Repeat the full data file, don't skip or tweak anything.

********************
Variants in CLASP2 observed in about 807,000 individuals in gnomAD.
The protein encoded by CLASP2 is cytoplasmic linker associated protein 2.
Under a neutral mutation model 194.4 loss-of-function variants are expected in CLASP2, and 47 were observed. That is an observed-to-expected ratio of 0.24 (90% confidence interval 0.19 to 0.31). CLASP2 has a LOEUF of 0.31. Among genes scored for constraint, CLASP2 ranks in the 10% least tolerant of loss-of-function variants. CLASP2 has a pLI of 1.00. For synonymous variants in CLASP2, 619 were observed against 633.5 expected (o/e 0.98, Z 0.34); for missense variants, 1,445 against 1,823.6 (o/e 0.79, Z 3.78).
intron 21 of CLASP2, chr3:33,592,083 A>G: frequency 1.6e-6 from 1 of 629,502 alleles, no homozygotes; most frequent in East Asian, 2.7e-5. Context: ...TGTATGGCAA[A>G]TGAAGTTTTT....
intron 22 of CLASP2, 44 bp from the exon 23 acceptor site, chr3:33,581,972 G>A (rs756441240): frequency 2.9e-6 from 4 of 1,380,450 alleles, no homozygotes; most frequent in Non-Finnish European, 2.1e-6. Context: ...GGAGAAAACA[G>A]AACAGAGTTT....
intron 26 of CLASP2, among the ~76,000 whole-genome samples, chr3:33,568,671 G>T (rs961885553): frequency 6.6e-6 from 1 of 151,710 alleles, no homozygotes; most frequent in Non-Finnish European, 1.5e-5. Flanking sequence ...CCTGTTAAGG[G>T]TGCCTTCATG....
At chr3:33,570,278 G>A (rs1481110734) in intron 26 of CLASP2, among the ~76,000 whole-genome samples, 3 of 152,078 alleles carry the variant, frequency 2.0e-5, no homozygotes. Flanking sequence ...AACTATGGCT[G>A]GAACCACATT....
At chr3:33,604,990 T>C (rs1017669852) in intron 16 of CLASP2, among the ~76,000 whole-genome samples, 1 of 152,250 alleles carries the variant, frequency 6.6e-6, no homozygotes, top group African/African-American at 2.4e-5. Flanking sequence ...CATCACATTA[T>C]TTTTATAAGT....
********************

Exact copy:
Variants in CLASP2 observed in about 807,000 individuals in gnomAD.
The protein encoded by CLASP2 is cytoplasmic linker associated protein 2.
Under a neutral mutation model 194.4 loss-of-function variants are expected in CLASP2, and 47 were observed. That is an observed-to-expected ratio of 0.24 (90% confidence interval 0.19 to 0.31). CLASP2 has a LOEUF of 0.31. Among genes scored for constraint, CLASP2 ranks in the 10% least tolerant of loss-of-function variants. CLASP2 has a pLI of 1.00. For synonymous variants in CLASP2, 619 were observed against 633.5 expected (o/e 0.98, Z 0.34); for missense variants, 1,445 against 1,823.6 (o/e 0.79, Z 3.78).
intron 21 of CLASP2, chr3:33,592,083 A>G: frequency 1.6e-6 from 1 of 629,502 alleles, no homozygotes; most frequent in East Asian, 2.7e-5. Context: ...TGTATGGCAA[A>G]TGAAGTTTTT....
intron 22 of CLASP2, 44 bp from the exon 23 acceptor site, chr3:33,581,972 G>A (rs756441240): frequency 2.9e-6 from 4 of 1,380,450 alleles, no homozygotes; most frequent in Non-Finnish European, 2.1e-6. Context: ...GGAGAAAACA[G>A]AACAGAGTTT....
intron 26 of CLASP2, among the ~76,000 whole-genome samples, chr3:33,568,671 G>T (rs961885553): frequency 6.6e-6 from 1 of 151,710 alleles, no homozygotes; most frequent in Non-Finnish European, 1.5e-5. Flanking sequence ...CCTGTTAAGG[G>T]TGCCTTCATG....
At chr3:33,570,278 G>A (rs1481110734) in intron 26 of CLASP2, among the ~76,000 whole-genome samples, 3 of 152,078 alleles carry the variant, frequency 2.0e-5, no homozygotes. Flanking sequence ...AACTATGGCT[G>A]GAACCACATT....
At chr3:33,604,990 T>C (rs1017669852) in intron 16 of CLASP2, among the ~76,000 whole-genome samples, 1 of 152,250 alleles carries the variant, frequency 6.6e-6, no homozygotes, top group African/African-American at 2.4e-5. Flanking sequence ...CATCACATTA[T>C]TTTTATAAGT....